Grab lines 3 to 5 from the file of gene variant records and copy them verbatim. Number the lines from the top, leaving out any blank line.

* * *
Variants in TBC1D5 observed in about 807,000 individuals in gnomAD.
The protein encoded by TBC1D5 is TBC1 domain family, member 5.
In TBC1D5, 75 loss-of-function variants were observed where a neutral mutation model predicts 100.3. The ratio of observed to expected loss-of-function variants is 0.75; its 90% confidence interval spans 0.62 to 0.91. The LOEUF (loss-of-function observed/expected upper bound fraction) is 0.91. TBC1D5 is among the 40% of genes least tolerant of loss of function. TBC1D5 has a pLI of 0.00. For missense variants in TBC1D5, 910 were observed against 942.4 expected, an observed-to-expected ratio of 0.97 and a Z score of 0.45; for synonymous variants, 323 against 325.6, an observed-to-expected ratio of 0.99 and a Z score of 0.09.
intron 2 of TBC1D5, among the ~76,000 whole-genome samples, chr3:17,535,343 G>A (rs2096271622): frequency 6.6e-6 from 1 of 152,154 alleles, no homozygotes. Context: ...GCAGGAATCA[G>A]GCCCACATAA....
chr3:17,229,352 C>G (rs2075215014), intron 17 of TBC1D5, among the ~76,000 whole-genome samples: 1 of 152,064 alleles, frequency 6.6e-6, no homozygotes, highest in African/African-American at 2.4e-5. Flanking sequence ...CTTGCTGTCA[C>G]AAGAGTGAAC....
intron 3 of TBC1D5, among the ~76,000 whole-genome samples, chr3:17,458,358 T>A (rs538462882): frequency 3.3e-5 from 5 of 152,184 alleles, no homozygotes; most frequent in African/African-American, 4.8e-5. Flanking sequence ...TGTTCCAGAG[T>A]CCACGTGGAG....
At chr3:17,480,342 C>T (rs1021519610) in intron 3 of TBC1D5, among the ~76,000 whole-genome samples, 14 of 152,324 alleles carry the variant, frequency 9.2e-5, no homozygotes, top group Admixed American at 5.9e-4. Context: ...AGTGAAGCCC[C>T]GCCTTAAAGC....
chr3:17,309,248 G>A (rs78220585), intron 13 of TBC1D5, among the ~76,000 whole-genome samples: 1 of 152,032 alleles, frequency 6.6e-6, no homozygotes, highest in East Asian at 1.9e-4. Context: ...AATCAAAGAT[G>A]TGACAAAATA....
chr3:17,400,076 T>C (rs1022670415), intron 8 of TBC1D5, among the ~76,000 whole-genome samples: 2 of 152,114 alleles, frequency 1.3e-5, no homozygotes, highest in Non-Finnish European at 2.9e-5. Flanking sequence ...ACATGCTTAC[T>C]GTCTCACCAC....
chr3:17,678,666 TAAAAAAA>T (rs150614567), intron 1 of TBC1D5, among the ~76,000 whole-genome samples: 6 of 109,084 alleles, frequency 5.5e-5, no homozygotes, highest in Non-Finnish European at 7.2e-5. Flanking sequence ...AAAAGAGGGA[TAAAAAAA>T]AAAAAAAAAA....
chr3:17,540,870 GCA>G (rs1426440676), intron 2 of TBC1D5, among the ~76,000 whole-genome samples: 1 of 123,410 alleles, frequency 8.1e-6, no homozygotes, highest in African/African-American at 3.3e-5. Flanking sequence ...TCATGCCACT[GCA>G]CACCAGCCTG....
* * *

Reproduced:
In TBC1D5, 75 loss-of-function variants were observed where a neutral mutation model predicts 100.3. The ratio of observed to expected loss-of-function variants is 0.75; its 90% confidence interval spans 0.62 to 0.91. The LOEUF (loss-of-function observed/expected upper bound fraction) is 0.91. TBC1D5 is among the 40% of genes least tolerant of loss of function. TBC1D5 has a pLI of 0.00. For missense variants in TBC1D5, 910 were observed against 942.4 expected, an observed-to-expected ratio of 0.97 and a Z score of 0.45; for synonymous variants, 323 against 325.6, an observed-to-expected ratio of 0.99 and a Z score of 0.09.
intron 2 of TBC1D5, among the ~76,000 whole-genome samples, chr3:17,535,343 G>A (rs2096271622): frequency 6.6e-6 from 1 of 152,154 alleles, no homozygotes. Context: ...GCAGGAATCA[G>A]GCCCACATAA....
chr3:17,229,352 C>G (rs2075215014), intron 17 of TBC1D5, among the ~76,000 whole-genome samples: 1 of 152,064 alleles, frequency 6.6e-6, no homozygotes, highest in African/African-American at 2.4e-5. Flanking sequence ...CTTGCTGTCA[C>G]AAGAGTGAAC....